Emphasis on cultures of grief is also a way of indicating a relational ethics to end-of-life care, not just in terms of clinical or therapeutic applications, but as a broader articulation of the ‘politics of grief’ allied with a politics of care (Tronto, 2013; The Care Collective, 2020). The project’s starting point takes seriously James Stanescu’s claim that mourning is a political act; recognition of the vulnerability and finitude of another (2012, 569). This offers an expanded and politicised sense of multiple reactions and competing discourses beyond the clinically defined symptoms of grief. Definitions of grief have undergone considerable modifications since the early work of bereavement theorists from the 1940s and five-stage model introduced by Elisabeth Kübler-Ross in 1969. Notwithstanding the highly mutable ways that grief expresses itself, there are clear indications emerging from clinical research that the ‘usual’ forms of grief associated with bereavement are developing into cases of so-called ‘complicated grief’ due, not just to Covid-19 deaths, but the added psychological trauma of multiple bereavements within families, loved ones dying alone and funerals taking place with restricted numbers because of social distancing. This also represents a type of ‘disenfranchised grief’ when a person’s grief is not socially facilitated or where public mourning is denied. Indeed, writing in 2012, Stanescu observed that when this happens it entails the denial of ‘tangible, social intelligibility’, linked to questions about who gets to count as human. This is how we ‘constitute the political’ (Stanescu, 2012, 569). Stanescu’s theoretical framing here helps to contextualise the politics and counter-narrative lying behind the National Covid Memorial Wall, an ‘unofficial’ site of mourning located on the South Bank and instigated by bereaved families to mark the loss of those who died during the pandemic. The site draws attention to the number of deaths in care homes, but also those not counted in the Government’s national statistics.

Covid-19 has interpellated all of us as vectors and receivers, survivors and storytellers, revealing our interdependencies and vulnerabilities. The value of the ‘narrative turn’, be it in the fluid genres of illness or grief narratives, the more formalist elements of narrative medicine or semi-structured approach of oral history interviews, continues to be essential in terms of better understanding the processes of meaning-making in the experience of ill health. Whilst this has been the cornerstone of much teaching and research within the medical humanities, it has not gone unchallenged, though debates here have frequently become polarised (Ahlzén, 2019; Woods, 2014). In pandemic times, story-telling about illness, disease and grief have been leveraged in myriad and malleable ways, articulated through audio and video diaries, blogs, Zoom and social media, often in the form of ‘frontline’ narrativised experiences ‘going viral’, further garnering public support and levying charitable funds or resources. By dint of its pandemic scale, we have all been engaged in anticipatory grief and illness narratives of some kind.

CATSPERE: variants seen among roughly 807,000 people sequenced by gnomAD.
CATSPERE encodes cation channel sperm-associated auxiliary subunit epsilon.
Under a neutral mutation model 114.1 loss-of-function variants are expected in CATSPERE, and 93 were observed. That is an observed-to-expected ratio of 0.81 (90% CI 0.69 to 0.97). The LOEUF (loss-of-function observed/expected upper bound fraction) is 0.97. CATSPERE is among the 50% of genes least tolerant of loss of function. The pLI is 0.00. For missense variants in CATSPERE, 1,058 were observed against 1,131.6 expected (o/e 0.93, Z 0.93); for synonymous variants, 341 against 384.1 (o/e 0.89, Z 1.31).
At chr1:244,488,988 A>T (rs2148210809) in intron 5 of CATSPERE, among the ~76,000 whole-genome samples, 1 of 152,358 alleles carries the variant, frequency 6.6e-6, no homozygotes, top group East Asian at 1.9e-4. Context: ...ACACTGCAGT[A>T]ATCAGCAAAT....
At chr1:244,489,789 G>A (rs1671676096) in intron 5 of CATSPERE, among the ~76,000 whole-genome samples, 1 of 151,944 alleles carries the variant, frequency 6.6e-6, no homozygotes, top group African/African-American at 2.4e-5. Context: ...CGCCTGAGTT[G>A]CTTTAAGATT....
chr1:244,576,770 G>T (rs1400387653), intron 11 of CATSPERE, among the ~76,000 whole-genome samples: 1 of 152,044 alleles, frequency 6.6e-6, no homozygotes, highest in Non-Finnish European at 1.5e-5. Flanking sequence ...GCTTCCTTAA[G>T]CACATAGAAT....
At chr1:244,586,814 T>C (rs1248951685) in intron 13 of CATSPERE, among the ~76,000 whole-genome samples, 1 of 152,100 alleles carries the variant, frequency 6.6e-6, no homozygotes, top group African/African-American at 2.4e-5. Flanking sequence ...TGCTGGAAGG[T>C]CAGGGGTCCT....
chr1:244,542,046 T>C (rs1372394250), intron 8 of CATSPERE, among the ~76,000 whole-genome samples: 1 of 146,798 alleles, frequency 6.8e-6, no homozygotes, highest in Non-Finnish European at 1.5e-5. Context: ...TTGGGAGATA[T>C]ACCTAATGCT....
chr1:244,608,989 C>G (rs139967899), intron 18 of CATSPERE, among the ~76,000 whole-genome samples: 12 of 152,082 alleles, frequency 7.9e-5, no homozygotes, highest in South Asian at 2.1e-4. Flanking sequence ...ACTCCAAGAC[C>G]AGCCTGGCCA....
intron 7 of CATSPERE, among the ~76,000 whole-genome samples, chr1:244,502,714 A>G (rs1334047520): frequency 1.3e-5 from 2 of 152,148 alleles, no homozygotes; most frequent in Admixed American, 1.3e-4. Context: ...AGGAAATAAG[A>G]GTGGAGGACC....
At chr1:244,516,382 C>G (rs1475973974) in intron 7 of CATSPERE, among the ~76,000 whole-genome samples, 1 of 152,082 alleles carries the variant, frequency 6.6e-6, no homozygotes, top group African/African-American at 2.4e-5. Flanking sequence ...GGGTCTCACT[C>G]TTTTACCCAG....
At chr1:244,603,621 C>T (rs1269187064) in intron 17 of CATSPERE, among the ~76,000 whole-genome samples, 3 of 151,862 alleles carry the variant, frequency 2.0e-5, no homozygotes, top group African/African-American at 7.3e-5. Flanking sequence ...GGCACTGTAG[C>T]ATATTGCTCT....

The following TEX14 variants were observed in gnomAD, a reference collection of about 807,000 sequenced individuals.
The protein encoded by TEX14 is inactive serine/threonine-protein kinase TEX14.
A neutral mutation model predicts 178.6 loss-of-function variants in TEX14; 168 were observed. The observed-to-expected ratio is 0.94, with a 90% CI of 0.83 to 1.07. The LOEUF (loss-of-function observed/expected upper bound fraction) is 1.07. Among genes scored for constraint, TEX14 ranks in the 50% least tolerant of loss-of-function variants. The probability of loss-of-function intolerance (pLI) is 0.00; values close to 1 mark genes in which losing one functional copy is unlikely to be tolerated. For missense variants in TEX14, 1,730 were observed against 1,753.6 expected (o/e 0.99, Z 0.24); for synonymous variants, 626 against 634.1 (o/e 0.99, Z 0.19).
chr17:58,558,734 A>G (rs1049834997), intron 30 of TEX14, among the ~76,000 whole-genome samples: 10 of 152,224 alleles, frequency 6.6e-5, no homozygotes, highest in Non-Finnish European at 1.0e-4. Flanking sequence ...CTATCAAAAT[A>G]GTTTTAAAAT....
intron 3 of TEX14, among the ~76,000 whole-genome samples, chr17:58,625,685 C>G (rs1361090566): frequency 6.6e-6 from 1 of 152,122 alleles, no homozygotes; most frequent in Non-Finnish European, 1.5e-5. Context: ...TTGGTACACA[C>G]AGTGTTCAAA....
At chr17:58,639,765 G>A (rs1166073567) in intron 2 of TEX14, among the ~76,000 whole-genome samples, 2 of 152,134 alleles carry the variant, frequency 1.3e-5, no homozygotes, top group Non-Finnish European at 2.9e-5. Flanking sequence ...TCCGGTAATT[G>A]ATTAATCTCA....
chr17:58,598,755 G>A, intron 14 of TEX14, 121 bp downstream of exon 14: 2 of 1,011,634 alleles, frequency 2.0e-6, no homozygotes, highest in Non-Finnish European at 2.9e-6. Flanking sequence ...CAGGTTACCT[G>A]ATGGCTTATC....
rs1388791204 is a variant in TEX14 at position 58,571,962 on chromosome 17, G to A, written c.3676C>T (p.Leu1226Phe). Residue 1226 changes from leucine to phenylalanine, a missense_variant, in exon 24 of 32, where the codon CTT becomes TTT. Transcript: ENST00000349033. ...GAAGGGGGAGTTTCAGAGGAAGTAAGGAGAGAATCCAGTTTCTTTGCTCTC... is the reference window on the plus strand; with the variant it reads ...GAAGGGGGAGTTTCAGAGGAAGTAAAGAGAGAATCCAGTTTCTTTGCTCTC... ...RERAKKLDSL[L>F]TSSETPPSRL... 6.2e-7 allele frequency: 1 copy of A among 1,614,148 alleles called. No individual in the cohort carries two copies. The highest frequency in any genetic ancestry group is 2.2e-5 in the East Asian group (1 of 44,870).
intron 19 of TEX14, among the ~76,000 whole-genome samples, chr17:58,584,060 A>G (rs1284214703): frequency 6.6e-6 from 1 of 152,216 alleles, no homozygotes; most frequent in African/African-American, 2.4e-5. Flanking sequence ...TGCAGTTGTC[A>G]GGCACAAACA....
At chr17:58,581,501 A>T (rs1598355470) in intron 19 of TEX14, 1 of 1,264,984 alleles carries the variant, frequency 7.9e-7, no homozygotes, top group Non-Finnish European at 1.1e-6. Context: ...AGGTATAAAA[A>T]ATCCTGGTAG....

Covid survivor stories and personalised grief narratives, as well as different expressions of societal or collective anticipatory grief, have contributed to the cultural reframing of illness, terminal disease, age-related conditions and mental health issues. The emergence of Covid-19 in the UK has seen these being re-prioritised as part of a hierarchy of care within the Government’s directive to protect the NHS. Reflection on this, as well as the phenomenology of illness, disease and grief post-Covid, will doubtless give renewed impetus to the affective power of embodied multisensory experience and experiential narratives as complementary rather than binary processes.


Dr Deborah Madden is a cultural historian and Deputy Director for the Centre for Memory, Narrative and Histories at the University of Brighton, where she leads the area of medical histories and ‘Everyday Cultures of Grief’ project. She has a developing research interest in the historical, cultural and mutable aspects of grief, which is informed by therapeutic practice. She has an expertise in the different narrative approaches within healthcare settings and their critical perspectives. Her forthcoming book, Victorian lives between Empires: Perspectives on Colonial Knowledge, Imperialism and British Cultural Memory, is due to be published in the Palgrave Studies in Life Writing series.


The author would like to acknowledge and thank Dr Sam Carroll for her work conducting the first two phases of oral history interviews and Martha Beard for transcription and thematic analysis.

The ‘Everyday Cultures of Grief’ project was supported by funds from the University of Brighton’s Research and Enterprise Covid-19 Research Urgency Fund and a Research Support Fund from the Centre for Memory, Narrative and Histories.

The author declares no conflict of interest in the research and production of this article.



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[1] These different models of ‘being with’ patients offer an effective means of engaging patients unable to communicate verbally. They are discussed in more detail in Tara Flanagan’s Narrative Medicine in Hospice Care (2020).